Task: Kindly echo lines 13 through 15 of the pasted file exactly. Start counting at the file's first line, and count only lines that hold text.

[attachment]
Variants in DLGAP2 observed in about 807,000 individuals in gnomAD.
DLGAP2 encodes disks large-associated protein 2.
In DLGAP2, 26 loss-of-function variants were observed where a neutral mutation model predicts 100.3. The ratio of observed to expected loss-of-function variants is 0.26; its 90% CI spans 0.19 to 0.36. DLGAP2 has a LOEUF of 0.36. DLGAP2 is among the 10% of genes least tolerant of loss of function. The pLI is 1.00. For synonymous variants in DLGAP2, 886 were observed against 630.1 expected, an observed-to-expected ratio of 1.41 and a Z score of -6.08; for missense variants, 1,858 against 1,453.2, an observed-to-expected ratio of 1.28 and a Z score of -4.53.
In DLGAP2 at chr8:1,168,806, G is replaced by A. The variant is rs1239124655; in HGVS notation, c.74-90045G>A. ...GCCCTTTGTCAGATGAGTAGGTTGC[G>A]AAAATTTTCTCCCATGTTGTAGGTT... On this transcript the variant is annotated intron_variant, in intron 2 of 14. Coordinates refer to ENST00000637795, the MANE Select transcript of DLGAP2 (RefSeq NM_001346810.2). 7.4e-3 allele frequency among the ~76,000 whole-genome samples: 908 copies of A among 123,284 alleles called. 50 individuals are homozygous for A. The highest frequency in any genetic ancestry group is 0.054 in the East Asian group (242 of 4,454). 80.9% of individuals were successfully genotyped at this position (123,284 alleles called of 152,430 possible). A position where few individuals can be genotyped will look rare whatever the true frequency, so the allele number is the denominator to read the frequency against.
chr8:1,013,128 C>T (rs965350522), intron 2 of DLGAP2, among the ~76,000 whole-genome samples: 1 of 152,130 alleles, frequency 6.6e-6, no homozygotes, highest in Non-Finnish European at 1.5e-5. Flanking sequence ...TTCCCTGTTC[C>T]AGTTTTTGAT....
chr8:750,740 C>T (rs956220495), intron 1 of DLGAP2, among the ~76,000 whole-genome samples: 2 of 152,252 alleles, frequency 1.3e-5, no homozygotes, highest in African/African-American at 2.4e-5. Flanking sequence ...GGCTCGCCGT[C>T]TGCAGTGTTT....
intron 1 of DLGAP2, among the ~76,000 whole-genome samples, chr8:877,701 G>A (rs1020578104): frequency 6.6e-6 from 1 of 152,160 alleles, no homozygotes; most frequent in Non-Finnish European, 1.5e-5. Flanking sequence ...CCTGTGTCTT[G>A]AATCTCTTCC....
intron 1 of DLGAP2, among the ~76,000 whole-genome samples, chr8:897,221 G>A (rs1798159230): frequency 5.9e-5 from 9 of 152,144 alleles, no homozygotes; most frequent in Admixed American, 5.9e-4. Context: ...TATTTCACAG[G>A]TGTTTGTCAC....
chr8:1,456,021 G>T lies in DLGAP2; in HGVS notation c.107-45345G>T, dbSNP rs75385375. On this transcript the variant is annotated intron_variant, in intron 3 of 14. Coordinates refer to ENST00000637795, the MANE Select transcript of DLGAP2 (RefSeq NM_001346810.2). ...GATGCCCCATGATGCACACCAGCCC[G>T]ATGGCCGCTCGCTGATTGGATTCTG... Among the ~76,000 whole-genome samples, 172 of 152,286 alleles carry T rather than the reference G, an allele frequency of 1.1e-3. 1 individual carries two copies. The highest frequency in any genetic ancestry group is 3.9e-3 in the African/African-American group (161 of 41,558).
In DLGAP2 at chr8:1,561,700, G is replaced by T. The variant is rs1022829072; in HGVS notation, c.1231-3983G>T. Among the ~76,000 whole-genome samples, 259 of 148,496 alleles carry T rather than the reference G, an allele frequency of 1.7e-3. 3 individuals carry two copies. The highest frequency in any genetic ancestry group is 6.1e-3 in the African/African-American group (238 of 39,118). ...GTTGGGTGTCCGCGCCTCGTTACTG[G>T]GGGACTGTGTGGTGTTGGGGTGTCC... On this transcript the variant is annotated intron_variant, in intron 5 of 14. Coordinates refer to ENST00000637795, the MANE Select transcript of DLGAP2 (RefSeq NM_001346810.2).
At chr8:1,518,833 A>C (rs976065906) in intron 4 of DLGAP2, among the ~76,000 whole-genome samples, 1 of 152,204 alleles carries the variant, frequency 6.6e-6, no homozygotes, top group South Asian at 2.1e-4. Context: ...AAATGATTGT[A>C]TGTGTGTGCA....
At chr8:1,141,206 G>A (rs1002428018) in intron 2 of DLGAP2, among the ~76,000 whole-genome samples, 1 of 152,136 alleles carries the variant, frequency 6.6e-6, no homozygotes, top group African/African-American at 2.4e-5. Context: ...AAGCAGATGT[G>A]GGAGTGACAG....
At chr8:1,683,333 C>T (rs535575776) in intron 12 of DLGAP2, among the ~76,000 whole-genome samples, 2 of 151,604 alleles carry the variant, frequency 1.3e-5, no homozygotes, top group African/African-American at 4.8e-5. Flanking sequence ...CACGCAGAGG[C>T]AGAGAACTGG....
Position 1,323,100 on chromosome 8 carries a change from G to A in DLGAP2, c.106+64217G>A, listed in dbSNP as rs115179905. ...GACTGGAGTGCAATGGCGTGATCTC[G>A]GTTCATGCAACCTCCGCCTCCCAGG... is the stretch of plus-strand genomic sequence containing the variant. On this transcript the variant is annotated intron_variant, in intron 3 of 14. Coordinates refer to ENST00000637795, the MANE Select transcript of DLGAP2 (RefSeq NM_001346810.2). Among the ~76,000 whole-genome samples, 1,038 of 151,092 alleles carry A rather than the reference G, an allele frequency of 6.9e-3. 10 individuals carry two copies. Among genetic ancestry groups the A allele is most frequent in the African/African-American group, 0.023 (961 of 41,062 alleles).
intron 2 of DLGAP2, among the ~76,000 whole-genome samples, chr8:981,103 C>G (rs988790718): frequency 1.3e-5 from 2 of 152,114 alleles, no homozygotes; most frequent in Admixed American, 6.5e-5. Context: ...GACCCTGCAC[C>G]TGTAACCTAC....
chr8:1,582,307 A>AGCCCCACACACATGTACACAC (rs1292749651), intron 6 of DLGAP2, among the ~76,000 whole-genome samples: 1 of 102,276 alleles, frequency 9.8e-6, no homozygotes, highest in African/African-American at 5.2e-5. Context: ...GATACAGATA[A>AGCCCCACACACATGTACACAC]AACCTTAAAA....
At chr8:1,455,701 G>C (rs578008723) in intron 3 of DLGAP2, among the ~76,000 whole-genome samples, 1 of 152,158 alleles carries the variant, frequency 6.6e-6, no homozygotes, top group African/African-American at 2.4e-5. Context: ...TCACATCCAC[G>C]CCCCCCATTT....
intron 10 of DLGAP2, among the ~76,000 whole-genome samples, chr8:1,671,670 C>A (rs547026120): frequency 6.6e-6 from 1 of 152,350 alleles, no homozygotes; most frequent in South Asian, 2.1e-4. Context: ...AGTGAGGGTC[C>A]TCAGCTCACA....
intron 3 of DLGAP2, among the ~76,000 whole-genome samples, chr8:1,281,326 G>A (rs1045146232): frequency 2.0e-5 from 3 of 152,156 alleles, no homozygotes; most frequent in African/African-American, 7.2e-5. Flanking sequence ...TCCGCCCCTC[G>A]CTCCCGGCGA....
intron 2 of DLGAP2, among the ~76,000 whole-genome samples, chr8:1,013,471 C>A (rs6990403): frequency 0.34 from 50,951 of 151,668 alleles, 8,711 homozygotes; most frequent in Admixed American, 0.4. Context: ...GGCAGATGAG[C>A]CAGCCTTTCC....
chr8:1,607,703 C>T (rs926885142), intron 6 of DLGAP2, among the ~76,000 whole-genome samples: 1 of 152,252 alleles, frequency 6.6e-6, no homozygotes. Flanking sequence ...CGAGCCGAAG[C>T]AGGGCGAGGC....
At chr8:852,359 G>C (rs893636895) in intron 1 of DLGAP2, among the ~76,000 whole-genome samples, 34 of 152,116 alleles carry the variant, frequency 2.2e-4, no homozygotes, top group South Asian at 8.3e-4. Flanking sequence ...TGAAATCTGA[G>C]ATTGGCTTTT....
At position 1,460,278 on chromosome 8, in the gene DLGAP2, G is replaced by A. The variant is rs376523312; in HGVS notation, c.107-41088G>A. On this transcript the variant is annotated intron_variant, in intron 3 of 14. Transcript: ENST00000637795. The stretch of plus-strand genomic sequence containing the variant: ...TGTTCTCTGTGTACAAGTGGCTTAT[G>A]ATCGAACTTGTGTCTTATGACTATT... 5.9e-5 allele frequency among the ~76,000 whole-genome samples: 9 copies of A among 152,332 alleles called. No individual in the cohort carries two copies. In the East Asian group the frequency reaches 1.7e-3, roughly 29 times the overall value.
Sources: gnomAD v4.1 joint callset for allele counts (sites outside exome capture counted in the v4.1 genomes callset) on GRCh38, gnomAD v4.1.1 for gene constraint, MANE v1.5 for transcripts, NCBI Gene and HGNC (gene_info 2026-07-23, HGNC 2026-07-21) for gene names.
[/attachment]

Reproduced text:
At chr8:1,683,333 C>T (rs535575776) in intron 12 of DLGAP2, among the ~76,000 whole-genome samples, 2 of 151,604 alleles carry the variant, frequency 1.3e-5, no homozygotes, top group African/African-American at 4.8e-5. Flanking sequence ...CACGCAGAGG[C>T]AGAGAACTGG....
Position 1,323,100 on chromosome 8 carries a change from G to A in DLGAP2, c.106+64217G>A, listed in dbSNP as rs115179905. ...GACTGGAGTGCAATGGCGTGATCTC[G>A]GTTCATGCAACCTCCGCCTCCCAGG... is the stretch of plus-strand genomic sequence containing the variant. On this transcript the variant is annotated intron_variant, in intron 3 of 14. Coordinates refer to ENST00000637795, the MANE Select transcript of DLGAP2 (RefSeq NM_001346810.2). Among the ~76,000 whole-genome samples, 1,038 of 151,092 alleles carry A rather than the reference G, an allele frequency of 6.9e-3. 10 individuals carry two copies. Among genetic ancestry groups the A allele is most frequent in the African/African-American group, 0.023 (961 of 41,062 alleles).
intron 2 of DLGAP2, among the ~76,000 whole-genome samples, chr8:981,103 C>G (rs988790718): frequency 1.3e-5 from 2 of 152,114 alleles, no homozygotes; most frequent in Admixed American, 6.5e-5. Context: ...GACCCTGCAC[C>G]TGTAACCTAC....